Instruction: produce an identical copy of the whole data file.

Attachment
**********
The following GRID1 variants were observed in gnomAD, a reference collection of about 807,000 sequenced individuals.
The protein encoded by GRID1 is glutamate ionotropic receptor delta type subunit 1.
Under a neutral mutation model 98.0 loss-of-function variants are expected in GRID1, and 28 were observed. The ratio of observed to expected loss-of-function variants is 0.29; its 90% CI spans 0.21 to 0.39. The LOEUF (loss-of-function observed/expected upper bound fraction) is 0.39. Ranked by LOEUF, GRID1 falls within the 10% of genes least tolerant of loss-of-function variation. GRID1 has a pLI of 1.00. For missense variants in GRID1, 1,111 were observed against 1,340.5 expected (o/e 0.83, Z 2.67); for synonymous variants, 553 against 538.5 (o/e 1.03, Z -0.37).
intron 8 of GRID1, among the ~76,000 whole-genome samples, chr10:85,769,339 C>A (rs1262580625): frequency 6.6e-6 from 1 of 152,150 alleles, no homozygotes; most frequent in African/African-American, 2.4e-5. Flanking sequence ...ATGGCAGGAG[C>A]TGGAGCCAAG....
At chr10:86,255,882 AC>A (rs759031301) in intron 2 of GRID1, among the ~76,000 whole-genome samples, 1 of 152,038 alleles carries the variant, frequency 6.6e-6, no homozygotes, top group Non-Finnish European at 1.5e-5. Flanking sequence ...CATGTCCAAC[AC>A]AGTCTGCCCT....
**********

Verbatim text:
The following GRID1 variants were observed in gnomAD, a reference collection of about 807,000 sequenced individuals.
The protein encoded by GRID1 is glutamate ionotropic receptor delta type subunit 1.
Under a neutral mutation model 98.0 loss-of-function variants are expected in GRID1, and 28 were observed. The ratio of observed to expected loss-of-function variants is 0.29; its 90% CI spans 0.21 to 0.39. The LOEUF (loss-of-function observed/expected upper bound fraction) is 0.39. Ranked by LOEUF, GRID1 falls within the 10% of genes least tolerant of loss-of-function variation. GRID1 has a pLI of 1.00. For missense variants in GRID1, 1,111 were observed against 1,340.5 expected (o/e 0.83, Z 2.67); for synonymous variants, 553 against 538.5 (o/e 1.03, Z -0.37).
intron 8 of GRID1, among the ~76,000 whole-genome samples, chr10:85,769,339 C>A (rs1262580625): frequency 6.6e-6 from 1 of 152,150 alleles, no homozygotes; most frequent in African/African-American, 2.4e-5. Flanking sequence ...ATGGCAGGAG[C>A]TGGAGCCAAG....
At chr10:86,255,882 AC>A (rs759031301) in intron 2 of GRID1, among the ~76,000 whole-genome samples, 1 of 152,038 alleles carries the variant, frequency 6.6e-6, no homozygotes, top group Non-Finnish European at 1.5e-5. Flanking sequence ...CATGTCCAAC[AC>A]AGTCTGCCCT....